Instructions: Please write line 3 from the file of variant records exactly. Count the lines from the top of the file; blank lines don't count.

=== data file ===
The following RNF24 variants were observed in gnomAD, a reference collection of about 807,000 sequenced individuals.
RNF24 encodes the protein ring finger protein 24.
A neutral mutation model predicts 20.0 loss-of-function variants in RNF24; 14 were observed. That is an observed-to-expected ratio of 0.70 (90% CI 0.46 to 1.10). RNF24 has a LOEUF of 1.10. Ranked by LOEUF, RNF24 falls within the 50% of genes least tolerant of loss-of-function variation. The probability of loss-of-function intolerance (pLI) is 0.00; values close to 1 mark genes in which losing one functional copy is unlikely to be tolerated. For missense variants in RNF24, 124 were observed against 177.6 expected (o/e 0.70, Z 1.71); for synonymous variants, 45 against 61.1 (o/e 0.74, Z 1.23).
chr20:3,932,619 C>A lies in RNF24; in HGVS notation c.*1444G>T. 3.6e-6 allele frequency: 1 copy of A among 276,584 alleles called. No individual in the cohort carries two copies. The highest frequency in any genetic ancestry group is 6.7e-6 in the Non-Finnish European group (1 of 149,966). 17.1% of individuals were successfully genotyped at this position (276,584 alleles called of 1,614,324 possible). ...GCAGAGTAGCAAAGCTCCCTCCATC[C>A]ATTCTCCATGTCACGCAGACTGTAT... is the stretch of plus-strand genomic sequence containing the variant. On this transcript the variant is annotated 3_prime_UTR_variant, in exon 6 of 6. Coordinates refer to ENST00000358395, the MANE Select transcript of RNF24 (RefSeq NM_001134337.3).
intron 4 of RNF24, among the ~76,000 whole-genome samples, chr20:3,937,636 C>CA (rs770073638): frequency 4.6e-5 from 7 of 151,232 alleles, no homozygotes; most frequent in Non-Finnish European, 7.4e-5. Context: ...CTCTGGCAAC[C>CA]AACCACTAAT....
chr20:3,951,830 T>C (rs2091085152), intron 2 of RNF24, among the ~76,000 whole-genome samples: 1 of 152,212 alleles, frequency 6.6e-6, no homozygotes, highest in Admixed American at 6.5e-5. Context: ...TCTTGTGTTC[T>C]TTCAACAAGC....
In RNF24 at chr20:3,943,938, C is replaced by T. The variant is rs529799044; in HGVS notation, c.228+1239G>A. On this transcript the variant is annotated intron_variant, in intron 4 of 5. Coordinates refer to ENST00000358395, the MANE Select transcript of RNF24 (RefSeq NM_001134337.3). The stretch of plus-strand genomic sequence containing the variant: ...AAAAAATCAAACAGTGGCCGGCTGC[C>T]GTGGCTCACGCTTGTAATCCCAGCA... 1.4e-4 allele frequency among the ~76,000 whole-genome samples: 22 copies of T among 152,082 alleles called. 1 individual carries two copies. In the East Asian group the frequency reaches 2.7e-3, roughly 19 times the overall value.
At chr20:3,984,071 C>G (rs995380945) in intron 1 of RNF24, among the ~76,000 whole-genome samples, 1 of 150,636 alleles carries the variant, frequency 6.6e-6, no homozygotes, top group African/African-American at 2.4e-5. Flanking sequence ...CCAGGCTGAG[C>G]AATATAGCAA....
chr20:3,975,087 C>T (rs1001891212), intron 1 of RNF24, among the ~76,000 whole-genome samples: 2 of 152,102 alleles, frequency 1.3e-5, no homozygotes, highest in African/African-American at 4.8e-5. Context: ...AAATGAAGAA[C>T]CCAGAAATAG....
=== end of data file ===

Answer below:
A neutral mutation model predicts 20.0 loss-of-function variants in RNF24; 14 were observed. That is an observed-to-expected ratio of 0.70 (90% CI 0.46 to 1.10). RNF24 has a LOEUF of 1.10. Ranked by LOEUF, RNF24 falls within the 50% of genes least tolerant of loss-of-function variation. The probability of loss-of-function intolerance (pLI) is 0.00; values close to 1 mark genes in which losing one functional copy is unlikely to be tolerated. For missense variants in RNF24, 124 were observed against 177.6 expected (o/e 0.70, Z 1.71); for synonymous variants, 45 against 61.1 (o/e 0.74, Z 1.23).